So there is no surprise that Republican controlled states should enact pro-life laws, whereas Democrat controlled states should enact pro-choice laws. No complex theory is needed to explain this relation, it's just the parties doing what they say they'll do.


Let's cross-reference the Cook PVI (2022) with the US News abortion list. States with restrictions over 15 weeks are in bold. States with laws beyond 15 weeks that are also R+ anything are also in bold

State Abortion Restriction Cook PVI
Alabama Illegal R +15
Alaska None R +8
Arizona 15 weeks R +2
Arkansas Illegal R +16
California 24 weeks D +13
Colorado None D +4
Connecticut 24 weeks D +7
Delaware 24 weeks D +7
Florida 6 weeks R +3
Georgia 6 weeks R +3
Hawaii 24 weeks D +14
Idaho Illegal R +18
Illinois 24 weeks D +7
Indiana Illegal R +11
Iowa 22 weeks R +6
Kansas 22 weeks R +10
Kentucky Illegal R +16
Louisiana Illegal R +12
Maine 24 weeks D +2
Maryland None D +14
Massachusetts 24 weeks D +15
Michigan None R +1
Minnesota None D +1
Mississippi Illegal R +15
Missouri Illegal R +10
Montana 24 weeks R +10
Nebraska 12 weeks R +10
Nevada 24 weeks R +1
New Hampshire 24 weeks D +1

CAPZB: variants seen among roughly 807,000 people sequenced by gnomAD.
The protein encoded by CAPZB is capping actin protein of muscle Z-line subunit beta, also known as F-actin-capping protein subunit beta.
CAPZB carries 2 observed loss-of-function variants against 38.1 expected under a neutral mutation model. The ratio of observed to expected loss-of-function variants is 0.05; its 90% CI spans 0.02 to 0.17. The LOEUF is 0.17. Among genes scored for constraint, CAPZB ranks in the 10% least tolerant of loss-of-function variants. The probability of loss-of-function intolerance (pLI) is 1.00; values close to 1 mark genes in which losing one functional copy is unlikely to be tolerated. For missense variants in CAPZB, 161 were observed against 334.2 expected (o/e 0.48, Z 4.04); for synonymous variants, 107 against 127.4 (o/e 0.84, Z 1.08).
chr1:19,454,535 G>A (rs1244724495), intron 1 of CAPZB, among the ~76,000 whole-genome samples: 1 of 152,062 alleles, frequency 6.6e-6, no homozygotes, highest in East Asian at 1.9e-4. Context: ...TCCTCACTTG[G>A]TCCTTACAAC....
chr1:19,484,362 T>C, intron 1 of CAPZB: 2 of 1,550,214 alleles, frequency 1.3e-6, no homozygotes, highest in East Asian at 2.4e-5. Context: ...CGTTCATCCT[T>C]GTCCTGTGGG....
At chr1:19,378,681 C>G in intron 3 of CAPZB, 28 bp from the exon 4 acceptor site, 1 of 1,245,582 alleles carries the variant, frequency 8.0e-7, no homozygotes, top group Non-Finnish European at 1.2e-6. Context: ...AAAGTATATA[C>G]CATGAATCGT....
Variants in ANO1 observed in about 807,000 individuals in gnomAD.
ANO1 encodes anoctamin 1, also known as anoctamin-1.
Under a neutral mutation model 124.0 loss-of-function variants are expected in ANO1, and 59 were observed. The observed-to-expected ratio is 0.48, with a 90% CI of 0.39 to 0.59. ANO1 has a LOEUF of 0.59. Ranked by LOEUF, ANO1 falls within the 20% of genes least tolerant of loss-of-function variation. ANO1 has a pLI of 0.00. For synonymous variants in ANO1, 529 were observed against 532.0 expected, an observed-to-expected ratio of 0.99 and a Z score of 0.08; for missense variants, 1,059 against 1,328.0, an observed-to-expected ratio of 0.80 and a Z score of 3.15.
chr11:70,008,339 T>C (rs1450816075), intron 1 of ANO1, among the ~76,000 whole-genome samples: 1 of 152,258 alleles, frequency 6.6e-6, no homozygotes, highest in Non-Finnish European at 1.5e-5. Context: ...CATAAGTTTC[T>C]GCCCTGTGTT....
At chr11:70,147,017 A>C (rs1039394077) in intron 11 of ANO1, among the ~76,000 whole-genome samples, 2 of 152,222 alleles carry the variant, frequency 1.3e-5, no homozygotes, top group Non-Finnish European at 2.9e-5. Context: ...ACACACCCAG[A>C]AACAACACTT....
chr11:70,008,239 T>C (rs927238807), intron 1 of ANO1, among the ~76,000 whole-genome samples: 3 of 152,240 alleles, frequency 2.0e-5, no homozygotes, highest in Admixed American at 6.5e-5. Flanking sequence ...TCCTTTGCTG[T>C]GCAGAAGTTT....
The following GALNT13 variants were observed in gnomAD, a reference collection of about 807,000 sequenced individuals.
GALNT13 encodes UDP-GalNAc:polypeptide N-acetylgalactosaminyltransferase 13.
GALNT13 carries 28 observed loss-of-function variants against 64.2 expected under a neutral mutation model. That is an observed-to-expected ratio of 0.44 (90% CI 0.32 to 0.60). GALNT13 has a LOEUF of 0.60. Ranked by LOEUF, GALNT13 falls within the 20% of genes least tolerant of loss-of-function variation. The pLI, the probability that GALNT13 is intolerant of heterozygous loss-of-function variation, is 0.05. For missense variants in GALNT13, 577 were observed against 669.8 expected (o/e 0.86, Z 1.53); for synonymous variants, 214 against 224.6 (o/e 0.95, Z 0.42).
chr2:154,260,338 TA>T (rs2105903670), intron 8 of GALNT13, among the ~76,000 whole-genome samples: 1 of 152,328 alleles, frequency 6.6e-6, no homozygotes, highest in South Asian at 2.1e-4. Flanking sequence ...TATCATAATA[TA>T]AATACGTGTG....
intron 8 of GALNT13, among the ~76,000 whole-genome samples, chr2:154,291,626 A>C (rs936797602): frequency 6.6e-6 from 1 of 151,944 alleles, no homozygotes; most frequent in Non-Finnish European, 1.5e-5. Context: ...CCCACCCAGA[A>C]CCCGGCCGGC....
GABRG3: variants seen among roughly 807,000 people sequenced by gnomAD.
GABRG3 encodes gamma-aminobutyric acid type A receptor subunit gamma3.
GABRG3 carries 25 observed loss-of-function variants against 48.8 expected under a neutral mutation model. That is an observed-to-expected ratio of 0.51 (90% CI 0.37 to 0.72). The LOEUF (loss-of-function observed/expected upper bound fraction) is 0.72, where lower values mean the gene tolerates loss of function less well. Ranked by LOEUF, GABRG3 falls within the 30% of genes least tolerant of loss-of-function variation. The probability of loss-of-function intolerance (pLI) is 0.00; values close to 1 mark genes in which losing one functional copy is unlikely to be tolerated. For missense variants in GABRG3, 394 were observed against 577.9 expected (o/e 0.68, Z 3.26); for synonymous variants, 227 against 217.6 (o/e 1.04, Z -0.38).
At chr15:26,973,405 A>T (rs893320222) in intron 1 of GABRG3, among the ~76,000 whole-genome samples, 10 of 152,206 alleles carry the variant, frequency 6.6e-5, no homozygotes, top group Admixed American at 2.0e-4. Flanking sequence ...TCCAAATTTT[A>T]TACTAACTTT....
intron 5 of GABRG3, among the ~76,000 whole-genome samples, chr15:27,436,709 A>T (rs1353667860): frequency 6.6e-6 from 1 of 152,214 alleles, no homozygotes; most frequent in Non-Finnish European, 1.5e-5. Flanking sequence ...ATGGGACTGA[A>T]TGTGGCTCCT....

New Jersey None D +6
New Mexico None D +3
New York None * D +10
North Carolina 12 weeks R +3
North Dakota Illegal R +20
Ohio 22 weeks R +6
Oklahoma Illegal R +20
Oregon None D +6
Pennsylvania 22 weeks R +2
Rhode Island 24 weeks D +8
South Carolina 6 weeks R +8
South Dakota Illegal R +16
Tennessee Illegal R +14
Texas Illegal R +6
Utah 18 weeks R +13
Vermont None D +16
Virginia 26 weeks D +3
Washington 24 weeks D +6
West Virginia Illegal R +22
Wisconsin 22 weeks R +2
Wyoming 24 weeks R +25

I know some of this is debatable. Michigan, Nevada, Pennsylvania and Wisconsin are pretty much on the line as far as party affiliation (and trying to point to some states as being one party or another is a fool's errand).

Iowa and Wyoming have passed laws lowering their limits. Courts have blocked them, pending litigation.

New York technically has theirs at 24 weeks, but the Attorney General of New York has noted there is a mental health exception, meaning there is no real restriction there.

So where does that leave us state-wise? Alaska, Kansas, Montana, Ohio, and Utah are both decently Republican and have pretty permissive abortion laws. 19 states have basically viability laws (24 weeks or so). We could throw Utah in there at 18 weeks and bring it to a round 20 states (nearly half).

14 states have abortion totally illegal. No Democratic majority state has a restriction below viability.

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    To look at some of the exceptions, Kansas is a case where the decision was made by a ballot initiative that overrode the decisions of partisan elected officials, and Montana was a case of a state constitutional provision passed for another purpose having an unintended side-effect post-Dobbs. So, they don't alter the conclusion about how partisan elected officials act when given the chance to do so.
    – ohwilleke
    Commented Jun 4 at 1:29